It's not easy to find people to recycle stray parts, especially in Central America. Even the heavy aluminum of an abandoned drug plane that's sat empty for years—except for the stories it holds—doesn't garner much money for scrappers and recyclers. And without an organization collecting it, most old parts end up in the ever-growing landfill. Or worse, the ocean.

For William, who has lived on the Bay Island of Utila since he was 17, collecting and recycling the metals from bikes, air conditioners, refrigerators, stoves, engines, chairs, abandoned planes, and everything in-between has become a sort of a one-man job. Over the last four months, he's collected enough scrap metal and old parts to fill up his yard and another space nearby. But he's holding on to all of it until the price of metals goes back up again and he can sell it to a recycler on the mainland of Honduras.

Right now, an iron bar that's used as protection over windows might fetch two lempiras. Or in American currency, about five cents. A pound of tin brings in about $5, down 50 cents from last year. And a pound of aluminum nets only about 50 cents. 

When we think about ocean debris it's easy to imagine the plastics. More than 80 percent of the trash in the world's oceans is plastic. Metals are the second-most common form of trash in the ocean, mostly in the form of aluminum, steel, or tin cans. The trash comes from land-based (dumping, landfills washing it into rivers/oceans) and ocean-based sources, such as cargo ships.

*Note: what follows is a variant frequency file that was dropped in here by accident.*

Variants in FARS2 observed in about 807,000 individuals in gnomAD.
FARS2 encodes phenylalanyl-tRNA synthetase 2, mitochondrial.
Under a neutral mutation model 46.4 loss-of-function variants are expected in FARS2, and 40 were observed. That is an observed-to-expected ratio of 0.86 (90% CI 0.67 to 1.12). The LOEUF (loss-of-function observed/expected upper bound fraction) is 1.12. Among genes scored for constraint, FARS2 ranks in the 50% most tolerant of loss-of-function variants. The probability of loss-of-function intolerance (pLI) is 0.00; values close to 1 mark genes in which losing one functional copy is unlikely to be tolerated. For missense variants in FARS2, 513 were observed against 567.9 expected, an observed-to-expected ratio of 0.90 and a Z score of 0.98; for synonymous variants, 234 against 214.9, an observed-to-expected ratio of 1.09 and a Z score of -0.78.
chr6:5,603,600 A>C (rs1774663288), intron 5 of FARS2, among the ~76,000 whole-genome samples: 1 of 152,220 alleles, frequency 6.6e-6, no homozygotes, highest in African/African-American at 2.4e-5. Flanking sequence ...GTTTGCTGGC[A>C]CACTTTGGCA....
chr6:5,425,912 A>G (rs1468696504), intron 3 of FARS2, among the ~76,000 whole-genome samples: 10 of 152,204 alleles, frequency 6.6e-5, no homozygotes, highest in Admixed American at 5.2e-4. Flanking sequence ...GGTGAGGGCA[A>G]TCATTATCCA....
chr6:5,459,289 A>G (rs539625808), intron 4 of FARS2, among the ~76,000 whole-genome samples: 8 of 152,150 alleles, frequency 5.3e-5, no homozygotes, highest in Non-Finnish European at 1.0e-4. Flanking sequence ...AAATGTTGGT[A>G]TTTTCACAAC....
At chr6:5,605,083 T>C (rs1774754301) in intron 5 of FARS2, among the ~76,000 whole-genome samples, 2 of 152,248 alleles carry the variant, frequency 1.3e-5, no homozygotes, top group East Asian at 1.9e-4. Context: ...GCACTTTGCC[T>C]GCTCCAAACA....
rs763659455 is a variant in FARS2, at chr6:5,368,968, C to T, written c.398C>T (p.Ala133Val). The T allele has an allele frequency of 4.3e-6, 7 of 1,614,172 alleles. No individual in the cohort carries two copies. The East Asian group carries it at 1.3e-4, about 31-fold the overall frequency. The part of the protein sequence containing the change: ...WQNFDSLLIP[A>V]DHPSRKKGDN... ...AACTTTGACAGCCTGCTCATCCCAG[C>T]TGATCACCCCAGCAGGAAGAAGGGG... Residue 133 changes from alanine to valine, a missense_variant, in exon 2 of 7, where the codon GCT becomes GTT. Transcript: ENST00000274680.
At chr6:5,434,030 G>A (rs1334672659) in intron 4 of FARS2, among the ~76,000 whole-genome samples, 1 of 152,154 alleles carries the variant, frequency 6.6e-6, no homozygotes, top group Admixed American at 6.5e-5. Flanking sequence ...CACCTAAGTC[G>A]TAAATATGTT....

Not everyone is always behind William's effort to collect and recycle old junk. Some people worry that collecting metals and recyclable parts will encourage thieves to steal and sell to William, who will sell to a higher price at the mainland. But William says he's careful that all of his sellers aren't stealing metals for money. "I don't buy from any crackhead no more," he says. "You get to know who they are, you see them. I don't buy from them. Only people and businesses and construction workers that don't steal the parts. I try to make sure it's good." 

That's the fear: That when you create a real market for the recyclables, it opens up theft of materials, especially copper. But for William, it's become a good way to make extra money, and it keeps the junk from being dumped into the landfill or the sea. William spent most of his life working on cargo ships, stacking up all of the materials like cases of soda just so. "I was good at stacking stuff," he says. Now that he is older, 55, he makes his living collecting old junk, giving out flyers for dive shops, and cooking Saturday "island dinner" on the main street. 

"I have two daughters, and I want them to go to good schools," William says. The public school on the island ends at 9th grade. He'd like to see them go to college. 

The junk William has collected over the last few months is rusting under the sun. Refrigerators. Bar stools. Propane drums. Oven racks. There are enough old parts to fill up part of a cargo ship, but they won't fetch enough money to make the trip worthwhile for anyone. But William remains hopeful things will turn around. "I think soon I will be able to find money for it." 

Older Post

North or Midwest? People around the world weigh in on Minnesota 'controversy'

Newer Post

Grieving in public: How we mourn now